mythtv at maniclogic
Feb 6, 2004, 1:49 PM
Post #11 of 22
Quoting Steve Bower <sbower [at] cisco>:
> >>>>> "Greg" == Blues Guy <bluesguy_1 [at] yahoo> writes:
> Greg> Ok, I promise I'm not going to make a habit out of replying to
> Greg> myself, but I wanted to clear up something Steve said in the post
> Greg> above me, because it's misleading and I couldn't let it slide...
> Likewise! :-)
> Greg> He says, "one file uses exactly one inode, no matter how big it
> Greg> is.", which isn't true for EXT3. This is *mostly* true for a
> Greg> filesystem like XFS, that uses dynamic inode allocations and a
> Greg> btree free list, but EXT3 *DOES* use inodes per block size,
> Greg> dictated by the args when you create the filesystem; thus the
> Greg> reason you really want to use the "-T largefile4" option when you
> Greg> create it. This reduces the inode count on the disk, and causes
> Greg> less disk thrashing and I/O problems when you delete or create
> Greg> large files. (e.g. 2GB+)
> Greg, when you say "EXT3 *DOES* use inodes per block size", you're
> really referring to the filesystem creation process -- it *creates* so
> many inodes per block size, and that's all the inodes you'll ever have
> in that filesystem.
> When I say "one file uses exactly one inode, no matter how big it is",
> I'm referring to operational activities on individual files within the
> filesystem, _after_ the filesystem has been created and mounted.
> Using the "-T largefile*" option does reduce the number of inodes that
> are created when you build the filesystem, allowing more of the disk
> space to be used for actual file data, rather than storing the inodes
> However, when you create a file (NOT a filesystem) and write data to it,
> that file is defined by exactly one inode. Every ext2/3 architecture
> document states this.
> As the file grows, more and more data blocks are allocated to it; as the
> blocks are allocated, they are marked as "in use" in the block bitmaps.
> No additional inodes are allocated to a single file as it grows -- all
> of the data block pointers exist in the inode, progressing to indirect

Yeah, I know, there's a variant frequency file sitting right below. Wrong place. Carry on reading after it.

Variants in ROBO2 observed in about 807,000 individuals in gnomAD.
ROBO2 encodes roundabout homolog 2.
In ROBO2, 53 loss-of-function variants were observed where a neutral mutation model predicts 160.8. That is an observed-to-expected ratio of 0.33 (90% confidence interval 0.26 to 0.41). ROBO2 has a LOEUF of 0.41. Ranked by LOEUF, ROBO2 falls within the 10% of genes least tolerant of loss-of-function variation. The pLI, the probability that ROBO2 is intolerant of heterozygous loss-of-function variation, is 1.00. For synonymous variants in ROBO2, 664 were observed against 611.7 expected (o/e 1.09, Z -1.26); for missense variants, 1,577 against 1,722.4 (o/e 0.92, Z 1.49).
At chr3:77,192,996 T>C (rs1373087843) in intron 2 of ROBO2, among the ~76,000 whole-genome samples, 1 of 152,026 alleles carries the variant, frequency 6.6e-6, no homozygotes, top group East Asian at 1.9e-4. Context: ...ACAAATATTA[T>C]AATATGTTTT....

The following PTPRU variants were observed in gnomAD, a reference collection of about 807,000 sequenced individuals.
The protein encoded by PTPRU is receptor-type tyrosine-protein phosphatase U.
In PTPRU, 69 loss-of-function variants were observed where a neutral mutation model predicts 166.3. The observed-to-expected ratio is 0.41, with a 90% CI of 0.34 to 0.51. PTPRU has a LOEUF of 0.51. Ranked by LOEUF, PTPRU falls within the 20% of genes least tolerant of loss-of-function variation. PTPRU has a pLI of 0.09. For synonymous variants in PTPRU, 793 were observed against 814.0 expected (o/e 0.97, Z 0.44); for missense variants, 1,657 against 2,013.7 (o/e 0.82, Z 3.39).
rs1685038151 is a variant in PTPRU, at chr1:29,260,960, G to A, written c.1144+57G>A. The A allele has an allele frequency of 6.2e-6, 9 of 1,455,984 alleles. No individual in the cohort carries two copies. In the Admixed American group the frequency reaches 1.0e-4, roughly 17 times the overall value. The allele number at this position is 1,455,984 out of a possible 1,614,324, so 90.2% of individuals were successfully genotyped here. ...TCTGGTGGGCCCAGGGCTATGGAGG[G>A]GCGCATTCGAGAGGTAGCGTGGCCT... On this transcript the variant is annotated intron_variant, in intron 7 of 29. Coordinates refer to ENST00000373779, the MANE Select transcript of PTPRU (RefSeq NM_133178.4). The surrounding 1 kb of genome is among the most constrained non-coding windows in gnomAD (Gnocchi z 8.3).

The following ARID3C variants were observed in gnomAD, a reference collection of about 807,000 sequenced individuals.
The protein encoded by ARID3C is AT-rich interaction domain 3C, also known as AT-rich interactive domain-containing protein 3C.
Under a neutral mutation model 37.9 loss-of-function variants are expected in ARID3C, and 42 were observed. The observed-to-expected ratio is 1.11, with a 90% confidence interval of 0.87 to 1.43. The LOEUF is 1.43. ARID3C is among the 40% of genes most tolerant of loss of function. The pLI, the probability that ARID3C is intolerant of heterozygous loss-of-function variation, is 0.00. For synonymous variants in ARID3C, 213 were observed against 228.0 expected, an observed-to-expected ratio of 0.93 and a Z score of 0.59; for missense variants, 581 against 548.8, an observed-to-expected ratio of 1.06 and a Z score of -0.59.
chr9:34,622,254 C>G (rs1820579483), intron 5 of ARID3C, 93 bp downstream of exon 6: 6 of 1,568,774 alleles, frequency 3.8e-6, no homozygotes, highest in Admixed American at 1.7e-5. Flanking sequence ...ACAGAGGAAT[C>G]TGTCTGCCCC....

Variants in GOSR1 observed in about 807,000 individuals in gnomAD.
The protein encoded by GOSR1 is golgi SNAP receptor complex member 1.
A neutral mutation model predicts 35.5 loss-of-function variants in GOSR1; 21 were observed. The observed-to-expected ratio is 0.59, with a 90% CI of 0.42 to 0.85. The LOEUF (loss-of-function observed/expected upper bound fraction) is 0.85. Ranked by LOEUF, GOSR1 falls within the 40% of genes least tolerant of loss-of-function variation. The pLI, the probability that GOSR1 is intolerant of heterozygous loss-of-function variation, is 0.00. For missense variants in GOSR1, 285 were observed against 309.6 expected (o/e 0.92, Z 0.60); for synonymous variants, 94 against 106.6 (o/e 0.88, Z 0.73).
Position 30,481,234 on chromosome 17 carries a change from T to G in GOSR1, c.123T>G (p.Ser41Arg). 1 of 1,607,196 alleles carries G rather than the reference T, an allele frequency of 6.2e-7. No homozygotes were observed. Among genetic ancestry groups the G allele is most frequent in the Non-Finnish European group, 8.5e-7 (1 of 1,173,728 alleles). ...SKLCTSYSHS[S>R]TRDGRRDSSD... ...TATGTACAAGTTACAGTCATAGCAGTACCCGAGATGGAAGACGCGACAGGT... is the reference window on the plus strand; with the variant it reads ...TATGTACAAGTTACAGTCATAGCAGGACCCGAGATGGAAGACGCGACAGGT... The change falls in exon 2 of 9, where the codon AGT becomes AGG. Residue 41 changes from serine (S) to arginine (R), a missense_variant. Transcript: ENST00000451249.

> blocks (data blocks that contain pointers to other datablocks),
> double-indirect and triple-indirect blocks.
> If a file did get allocated more inodes as it got bigger, how would
> creating a filesystem with fewer inodes help? Wouldn't you run out of
> inodes even with relatively few large files?
> Anyways, when a file gets deleted, all of the data blocks that had been
> allocated to it must be marked as free. This occurs in the block-group
> block bitmaps (not in the data blocks themselves), and reading/writing
> the bitmaps across all of the block groups is what I believe makes the
> deletion process take longer for larger files.
> Greg> FYI - The -T argument effectively sets the bytes/inode ratio as
> Greg> you would with the -i argument...
> Greg> On the other hand, XFS is a magic in and of itself, and that's a
> Greg> story for some other time (because I don't use it...) :-)
> Agreed! :-)
> P.S. We can discuss this off-list if you like, and report back after we
> come to an agreement! :-)
Seeing as how I started this...my original post was flawed as pointed out by
Steve, I said used a lot of inodes when I really meant block pointers (was just
typing away). Anyway, thanks everyone for the info, my greatest fears were
realized <g> and I'll probably have to find room on another box to copy off my
70G worth of recordings and create the new file system. Was hoping to skate by
and was looking for an easy way to change fs to no avail.
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